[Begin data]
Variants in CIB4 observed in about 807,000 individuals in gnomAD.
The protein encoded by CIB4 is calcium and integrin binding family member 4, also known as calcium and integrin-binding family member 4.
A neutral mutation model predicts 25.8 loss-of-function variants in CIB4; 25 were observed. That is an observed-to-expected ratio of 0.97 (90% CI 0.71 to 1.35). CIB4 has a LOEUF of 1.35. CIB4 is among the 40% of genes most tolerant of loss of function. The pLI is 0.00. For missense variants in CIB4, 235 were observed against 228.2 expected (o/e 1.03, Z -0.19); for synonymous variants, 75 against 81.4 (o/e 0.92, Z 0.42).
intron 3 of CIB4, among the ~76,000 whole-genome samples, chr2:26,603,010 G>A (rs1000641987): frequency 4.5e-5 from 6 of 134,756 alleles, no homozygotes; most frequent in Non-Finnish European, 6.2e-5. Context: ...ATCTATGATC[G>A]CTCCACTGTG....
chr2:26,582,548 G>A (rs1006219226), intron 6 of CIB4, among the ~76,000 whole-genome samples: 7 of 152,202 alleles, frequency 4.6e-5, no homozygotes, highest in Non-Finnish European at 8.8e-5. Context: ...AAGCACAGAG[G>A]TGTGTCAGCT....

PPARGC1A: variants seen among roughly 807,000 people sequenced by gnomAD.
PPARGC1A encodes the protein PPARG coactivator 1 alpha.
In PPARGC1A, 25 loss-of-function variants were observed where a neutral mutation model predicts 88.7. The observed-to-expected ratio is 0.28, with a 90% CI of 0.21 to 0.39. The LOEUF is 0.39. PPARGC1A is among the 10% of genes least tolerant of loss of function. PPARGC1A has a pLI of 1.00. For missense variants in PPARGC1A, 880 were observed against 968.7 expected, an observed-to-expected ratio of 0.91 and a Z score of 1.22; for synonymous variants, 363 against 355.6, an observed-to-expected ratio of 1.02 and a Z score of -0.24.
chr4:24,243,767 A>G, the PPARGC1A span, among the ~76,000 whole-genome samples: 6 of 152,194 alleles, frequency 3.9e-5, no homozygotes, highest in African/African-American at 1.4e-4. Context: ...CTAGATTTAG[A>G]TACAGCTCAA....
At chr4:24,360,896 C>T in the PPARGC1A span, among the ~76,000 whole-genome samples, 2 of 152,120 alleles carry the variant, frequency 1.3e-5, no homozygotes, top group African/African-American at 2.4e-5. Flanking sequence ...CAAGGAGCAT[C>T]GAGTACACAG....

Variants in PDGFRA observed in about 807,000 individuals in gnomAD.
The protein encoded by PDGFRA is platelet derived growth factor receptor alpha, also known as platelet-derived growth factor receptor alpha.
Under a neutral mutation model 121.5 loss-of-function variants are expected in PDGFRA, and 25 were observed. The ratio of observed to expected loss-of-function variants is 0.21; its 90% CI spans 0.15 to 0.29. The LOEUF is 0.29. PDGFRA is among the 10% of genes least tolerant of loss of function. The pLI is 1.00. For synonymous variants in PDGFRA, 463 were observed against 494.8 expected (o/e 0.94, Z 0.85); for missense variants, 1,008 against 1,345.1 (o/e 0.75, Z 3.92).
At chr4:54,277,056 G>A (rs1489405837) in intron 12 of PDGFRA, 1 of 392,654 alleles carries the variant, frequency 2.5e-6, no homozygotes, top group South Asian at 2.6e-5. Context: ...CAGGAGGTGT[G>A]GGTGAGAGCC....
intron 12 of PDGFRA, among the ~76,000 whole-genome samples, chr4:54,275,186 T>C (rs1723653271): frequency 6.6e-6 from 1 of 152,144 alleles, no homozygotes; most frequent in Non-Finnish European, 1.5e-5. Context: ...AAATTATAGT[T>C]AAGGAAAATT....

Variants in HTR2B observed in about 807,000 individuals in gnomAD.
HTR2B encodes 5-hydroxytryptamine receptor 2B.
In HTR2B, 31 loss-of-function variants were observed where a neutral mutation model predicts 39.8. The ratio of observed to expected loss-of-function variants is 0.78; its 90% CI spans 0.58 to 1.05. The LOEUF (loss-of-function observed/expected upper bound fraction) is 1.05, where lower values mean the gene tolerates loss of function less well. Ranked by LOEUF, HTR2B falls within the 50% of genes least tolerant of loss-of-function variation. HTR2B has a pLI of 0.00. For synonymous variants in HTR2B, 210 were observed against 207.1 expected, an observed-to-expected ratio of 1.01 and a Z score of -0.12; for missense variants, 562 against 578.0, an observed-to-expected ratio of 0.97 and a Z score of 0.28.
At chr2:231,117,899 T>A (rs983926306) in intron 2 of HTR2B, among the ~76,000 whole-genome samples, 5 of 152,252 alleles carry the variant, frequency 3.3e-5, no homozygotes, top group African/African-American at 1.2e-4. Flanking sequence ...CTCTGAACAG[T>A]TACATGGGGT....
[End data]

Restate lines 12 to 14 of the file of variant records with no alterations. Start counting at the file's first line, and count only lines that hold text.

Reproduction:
The protein encoded by PDGFRA is platelet derived growth factor receptor alpha, also known as platelet-derived growth factor receptor alpha.
Under a neutral mutation model 121.5 loss-of-function variants are expected in PDGFRA, and 25 were observed. The ratio of observed to expected loss-of-function variants is 0.21; its 90% CI spans 0.15 to 0.29. The LOEUF is 0.29. PDGFRA is among the 10% of genes least tolerant of loss of function. The pLI is 1.00. For synonymous variants in PDGFRA, 463 were observed against 494.8 expected (o/e 0.94, Z 0.85); for missense variants, 1,008 against 1,345.1 (o/e 0.75, Z 3.92).
At chr4:54,277,056 G>A (rs1489405837) in intron 12 of PDGFRA, 1 of 392,654 alleles carries the variant, frequency 2.5e-6, no homozygotes, top group South Asian at 2.6e-5. Context: ...CAGGAGGTGT[G>A]GGTGAGAGCC....